Making Illegal Art Work

Seen and Unseen

JR, the French street artist who was the topic of my last column, represents one extreme of the street art spectrum. He works with communities, orchestrates planned, large-scale, universally celebrated works, and wins huge cash prizes. On the other side of the spectrum, there are street artists, like Kidult, who work on the fringes of communities or against communities, provoke general  revulsion, and get arrested.

Kidult’s huge tags­—he uses fire extinguishers as spray paint cans—across the storefronts of expensive brands like Agnés B. and Colette protest their use of graffiti-style designs on their expensive products. These tags triumphantly reclaim graffiti as a purely political act, and not simply a visual trope. In an interview with Highsnobiety, Kidult asserted that graffiti is destructive and illegal, and essentially so: “If graffiti becomes legal, I’ll stop.” He sees the visual motifs of graffiti as indivisible from their history of individual action and rebellion. Kidult’s strict sense of artistic ownership stands in contrast to the anarchic freedom of his medium—and in fact he borrows from the visual language of fashion magazines in his posters, if only to twist them into the grotesque.

A project by the Dutch artist Iepe Rubingh makes a strong argument for a different form of unsanctioned street art. He and his friends dumped gallons of purple, green, red, and yellow paint on a busy Berlin intersection, and the cars driving through the paint tracked it in all directions, making a massive painting. Iepe used water-soluble paint to ensure minimum destruction to the cars and the street—but he and his accomplices still made a quick escape and waited a year and a half before revealing themselves to the public.

The project highlights the quotidian processes of an intersection by forcing participation onto passersby, making a call to awareness of one’s commute as well as a map of the intersection’s most common paths. The internet reaction has not been entirely sympathetic (“If that shit splattered on my car’s paint I’d be pissed,” wrote one commenter on Blueline.ca), but the project’s very obtrusiveness creates the image and its meaning.

One of the most beautiful pieces of street art ever—a street performance, not a painting—is “Kolotoč/Merry-Go-Round” by four Czech artists, Vojtěch Fröhlich, Ondřej Mladý, Jan Šimánek and Vladimír Turner. They climbed a three-sided, rotating billboard by the side of a highway, and hung down three rope swings from the corners, which they then mounted, spinning in slow circles like a carnival ride. (Their wonderful video documentation can be viewed on Vimeo). The performance has a post-apocalyptic deadpan silliness: The artists carry limp pink balloons as they slowly circle above the highway, swinging their legs back and forth like overgrown children. But its real power is in the work’s transformation of a lifeless suburban space into a playground—and its daring and scrappy creativity. Though less damaging than Kidult or the intervention in Berlin, “Koloteč” comes from the same tradition. Its repurposing of a billboard and a manmade wasteland forms an oblique protest.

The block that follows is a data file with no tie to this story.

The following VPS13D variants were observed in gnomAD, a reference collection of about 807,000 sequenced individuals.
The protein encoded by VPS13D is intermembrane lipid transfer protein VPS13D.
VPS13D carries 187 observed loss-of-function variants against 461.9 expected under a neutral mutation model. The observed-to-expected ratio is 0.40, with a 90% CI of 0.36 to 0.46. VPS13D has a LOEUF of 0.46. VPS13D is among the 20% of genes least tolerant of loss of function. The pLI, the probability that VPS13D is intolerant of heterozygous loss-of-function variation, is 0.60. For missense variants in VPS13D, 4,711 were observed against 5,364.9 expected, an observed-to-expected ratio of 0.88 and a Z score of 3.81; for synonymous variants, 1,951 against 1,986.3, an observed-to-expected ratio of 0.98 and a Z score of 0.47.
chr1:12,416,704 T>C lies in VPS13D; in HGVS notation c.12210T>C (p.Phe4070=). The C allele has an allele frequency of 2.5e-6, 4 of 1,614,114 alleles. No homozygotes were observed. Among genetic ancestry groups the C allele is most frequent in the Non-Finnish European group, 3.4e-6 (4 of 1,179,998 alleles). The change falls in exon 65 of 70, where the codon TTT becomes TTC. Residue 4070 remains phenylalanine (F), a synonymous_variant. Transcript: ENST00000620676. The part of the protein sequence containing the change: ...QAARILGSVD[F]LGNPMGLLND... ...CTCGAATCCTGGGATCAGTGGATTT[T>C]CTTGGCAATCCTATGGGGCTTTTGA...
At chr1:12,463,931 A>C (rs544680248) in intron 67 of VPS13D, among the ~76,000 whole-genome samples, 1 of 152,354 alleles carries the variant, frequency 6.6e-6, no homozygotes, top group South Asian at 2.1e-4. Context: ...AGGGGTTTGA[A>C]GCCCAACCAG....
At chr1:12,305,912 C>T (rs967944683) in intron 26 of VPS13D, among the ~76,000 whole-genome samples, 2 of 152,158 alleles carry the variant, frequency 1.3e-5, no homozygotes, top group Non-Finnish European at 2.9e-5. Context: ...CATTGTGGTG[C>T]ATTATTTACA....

One final example is Mobstr, whose stenciled texts cheekily engage with the anti-graffiti authorities. He defaces a white wall with energetic swaths of blue and yellow, and writes “Come on paint me white again.” He documents another series on one stretch of gray wall. “Is this shade of grey acceptable?” he writes first, which some anti-graffiti authority paints out. “Obviously not. How about this shade?” he writes in a lighter grey, which again is painted out. “Or this one?” comes next, which is again erased. Finally he writes, “I give up.” Looking at the series, you wonder if the person charged with graffiti removal even noticed what it said.

Mobstr, like Kidult and the Czech artists, is mainly concerned with advertising, which is graffiti’s perpetual competitor for visual dominance of the streets. In one piece, Mobstr puts up a sandwich board on a city street that says, “I’ve forgotten what I am supposed to be advertising.” Like all of Mobstr’s work, the piece restricts itself visually to grayscale and stenciled capitals. Though Mobstr’s antagonistic attitude resembles Kidult’s, he opposes graffiti’s traditional aesthetic, and so represents the exact opposite of the high fashion brands who pick the graffiti aesthetic without the message.

Taken together, Kidult’s combative defacement, Rubingh’s employment of unwitting crowds, the Czech artists’ poetic repurposing, and Mobstr’s direct engagement all make use of street art’s status as a fringe activity by making transgression essential to their message—working without permission, without funding, and always with a goal of pushing people’s awareness of their environment.

—Columnist Molly E. Dektar can be reached at mdektar@fas.harvard.edu.

Tags